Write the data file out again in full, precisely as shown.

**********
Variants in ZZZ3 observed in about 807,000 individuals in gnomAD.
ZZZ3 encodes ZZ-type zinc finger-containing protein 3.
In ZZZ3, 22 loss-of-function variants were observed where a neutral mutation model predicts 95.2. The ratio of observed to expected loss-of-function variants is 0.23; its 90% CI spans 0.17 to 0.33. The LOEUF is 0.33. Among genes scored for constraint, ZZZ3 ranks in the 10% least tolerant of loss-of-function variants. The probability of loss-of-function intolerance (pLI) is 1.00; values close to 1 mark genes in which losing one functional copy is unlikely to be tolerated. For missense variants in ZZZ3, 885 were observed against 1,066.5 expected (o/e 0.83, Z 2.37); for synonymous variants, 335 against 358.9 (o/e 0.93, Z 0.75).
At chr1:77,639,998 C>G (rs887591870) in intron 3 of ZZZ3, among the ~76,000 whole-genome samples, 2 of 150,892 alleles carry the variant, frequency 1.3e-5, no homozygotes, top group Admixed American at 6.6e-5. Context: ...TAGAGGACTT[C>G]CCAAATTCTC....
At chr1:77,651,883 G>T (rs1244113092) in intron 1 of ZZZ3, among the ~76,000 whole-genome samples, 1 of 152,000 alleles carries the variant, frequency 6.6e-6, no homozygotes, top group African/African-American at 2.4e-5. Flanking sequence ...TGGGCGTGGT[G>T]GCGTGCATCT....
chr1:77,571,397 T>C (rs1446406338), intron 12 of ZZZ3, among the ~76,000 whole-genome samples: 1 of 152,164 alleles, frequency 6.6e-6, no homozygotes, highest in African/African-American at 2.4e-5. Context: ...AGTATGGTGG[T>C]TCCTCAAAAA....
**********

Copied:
Variants in ZZZ3 observed in about 807,000 individuals in gnomAD.
ZZZ3 encodes ZZ-type zinc finger-containing protein 3.
In ZZZ3, 22 loss-of-function variants were observed where a neutral mutation model predicts 95.2. The ratio of observed to expected loss-of-function variants is 0.23; its 90% CI spans 0.17 to 0.33. The LOEUF is 0.33. Among genes scored for constraint, ZZZ3 ranks in the 10% least tolerant of loss-of-function variants. The probability of loss-of-function intolerance (pLI) is 1.00; values close to 1 mark genes in which losing one functional copy is unlikely to be tolerated. For missense variants in ZZZ3, 885 were observed against 1,066.5 expected (o/e 0.83, Z 2.37); for synonymous variants, 335 against 358.9 (o/e 0.93, Z 0.75).
At chr1:77,639,998 C>G (rs887591870) in intron 3 of ZZZ3, among the ~76,000 whole-genome samples, 2 of 150,892 alleles carry the variant, frequency 1.3e-5, no homozygotes, top group Admixed American at 6.6e-5. Context: ...TAGAGGACTT[C>G]CCAAATTCTC....
At chr1:77,651,883 G>T (rs1244113092) in intron 1 of ZZZ3, among the ~76,000 whole-genome samples, 1 of 152,000 alleles carries the variant, frequency 6.6e-6, no homozygotes, top group African/African-American at 2.4e-5. Flanking sequence ...TGGGCGTGGT[G>T]GCGTGCATCT....
chr1:77,571,397 T>C (rs1446406338), intron 12 of ZZZ3, among the ~76,000 whole-genome samples: 1 of 152,164 alleles, frequency 6.6e-6, no homozygotes, highest in African/African-American at 2.4e-5. Context: ...AGTATGGTGG[T>C]TCCTCAAAAA....